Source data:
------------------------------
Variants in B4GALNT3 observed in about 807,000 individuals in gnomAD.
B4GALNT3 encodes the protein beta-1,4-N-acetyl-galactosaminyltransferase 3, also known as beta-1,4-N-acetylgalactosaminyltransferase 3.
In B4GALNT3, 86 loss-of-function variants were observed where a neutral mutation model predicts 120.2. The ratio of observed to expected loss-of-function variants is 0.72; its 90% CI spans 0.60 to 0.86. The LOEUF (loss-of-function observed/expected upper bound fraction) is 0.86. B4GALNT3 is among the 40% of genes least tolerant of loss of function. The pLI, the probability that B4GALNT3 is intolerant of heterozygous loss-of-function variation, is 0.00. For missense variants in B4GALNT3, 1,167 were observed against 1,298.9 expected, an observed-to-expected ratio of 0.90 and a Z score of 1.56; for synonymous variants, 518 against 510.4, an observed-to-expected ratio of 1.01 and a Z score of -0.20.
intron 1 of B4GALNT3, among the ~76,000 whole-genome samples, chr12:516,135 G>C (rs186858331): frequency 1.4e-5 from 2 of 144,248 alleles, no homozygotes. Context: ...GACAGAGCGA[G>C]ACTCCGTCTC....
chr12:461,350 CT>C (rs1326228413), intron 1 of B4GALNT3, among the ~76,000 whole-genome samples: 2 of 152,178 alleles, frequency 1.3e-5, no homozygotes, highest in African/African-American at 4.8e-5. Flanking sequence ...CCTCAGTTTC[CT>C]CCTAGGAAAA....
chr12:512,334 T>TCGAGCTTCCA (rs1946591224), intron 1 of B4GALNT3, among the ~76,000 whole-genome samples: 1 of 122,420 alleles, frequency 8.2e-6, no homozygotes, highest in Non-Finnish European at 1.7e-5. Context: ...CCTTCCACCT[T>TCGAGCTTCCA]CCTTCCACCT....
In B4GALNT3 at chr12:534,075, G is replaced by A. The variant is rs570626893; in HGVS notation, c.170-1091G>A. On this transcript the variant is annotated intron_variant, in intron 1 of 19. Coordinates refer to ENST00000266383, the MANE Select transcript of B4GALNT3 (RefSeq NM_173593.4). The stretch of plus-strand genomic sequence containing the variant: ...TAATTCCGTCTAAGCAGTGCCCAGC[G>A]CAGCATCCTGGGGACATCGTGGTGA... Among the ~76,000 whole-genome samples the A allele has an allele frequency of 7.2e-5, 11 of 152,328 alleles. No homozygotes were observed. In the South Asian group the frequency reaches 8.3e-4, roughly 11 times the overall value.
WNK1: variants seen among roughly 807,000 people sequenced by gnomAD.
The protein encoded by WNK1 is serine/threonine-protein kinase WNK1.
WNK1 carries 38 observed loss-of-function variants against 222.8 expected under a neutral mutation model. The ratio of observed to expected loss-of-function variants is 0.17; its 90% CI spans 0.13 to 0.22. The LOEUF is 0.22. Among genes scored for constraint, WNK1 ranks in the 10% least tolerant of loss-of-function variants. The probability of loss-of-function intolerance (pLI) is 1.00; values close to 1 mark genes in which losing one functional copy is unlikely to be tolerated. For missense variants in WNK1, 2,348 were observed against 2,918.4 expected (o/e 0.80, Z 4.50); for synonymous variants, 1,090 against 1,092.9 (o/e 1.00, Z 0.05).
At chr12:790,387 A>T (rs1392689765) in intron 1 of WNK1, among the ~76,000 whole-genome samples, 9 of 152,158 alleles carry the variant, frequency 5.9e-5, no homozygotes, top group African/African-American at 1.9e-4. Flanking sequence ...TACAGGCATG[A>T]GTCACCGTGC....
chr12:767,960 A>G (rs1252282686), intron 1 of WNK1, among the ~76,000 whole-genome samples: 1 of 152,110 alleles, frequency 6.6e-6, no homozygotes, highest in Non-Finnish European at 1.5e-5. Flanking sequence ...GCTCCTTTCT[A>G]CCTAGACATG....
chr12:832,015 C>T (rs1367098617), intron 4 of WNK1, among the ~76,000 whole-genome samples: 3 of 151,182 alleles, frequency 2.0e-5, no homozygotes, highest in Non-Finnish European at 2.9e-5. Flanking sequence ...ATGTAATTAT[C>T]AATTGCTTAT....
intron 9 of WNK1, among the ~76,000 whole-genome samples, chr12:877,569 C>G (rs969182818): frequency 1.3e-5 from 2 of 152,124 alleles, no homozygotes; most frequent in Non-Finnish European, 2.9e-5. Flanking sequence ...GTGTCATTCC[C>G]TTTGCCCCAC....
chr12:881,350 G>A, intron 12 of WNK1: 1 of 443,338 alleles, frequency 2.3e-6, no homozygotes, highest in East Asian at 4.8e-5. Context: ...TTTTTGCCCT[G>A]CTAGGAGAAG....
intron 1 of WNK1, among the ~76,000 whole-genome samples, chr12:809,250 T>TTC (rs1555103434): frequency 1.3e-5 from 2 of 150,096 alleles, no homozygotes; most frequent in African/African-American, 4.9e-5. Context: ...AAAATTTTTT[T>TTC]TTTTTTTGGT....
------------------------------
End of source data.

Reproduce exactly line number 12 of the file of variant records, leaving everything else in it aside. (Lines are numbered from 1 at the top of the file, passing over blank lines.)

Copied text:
chr12:767,960 A>G (rs1252282686), intron 1 of WNK1, among the ~76,000 whole-genome samples: 1 of 152,110 alleles, frequency 6.6e-6, no homozygotes, highest in Non-Finnish European at 1.5e-5. Flanking sequence ...GCTCCTTTCT[A>G]CCTAGACATG....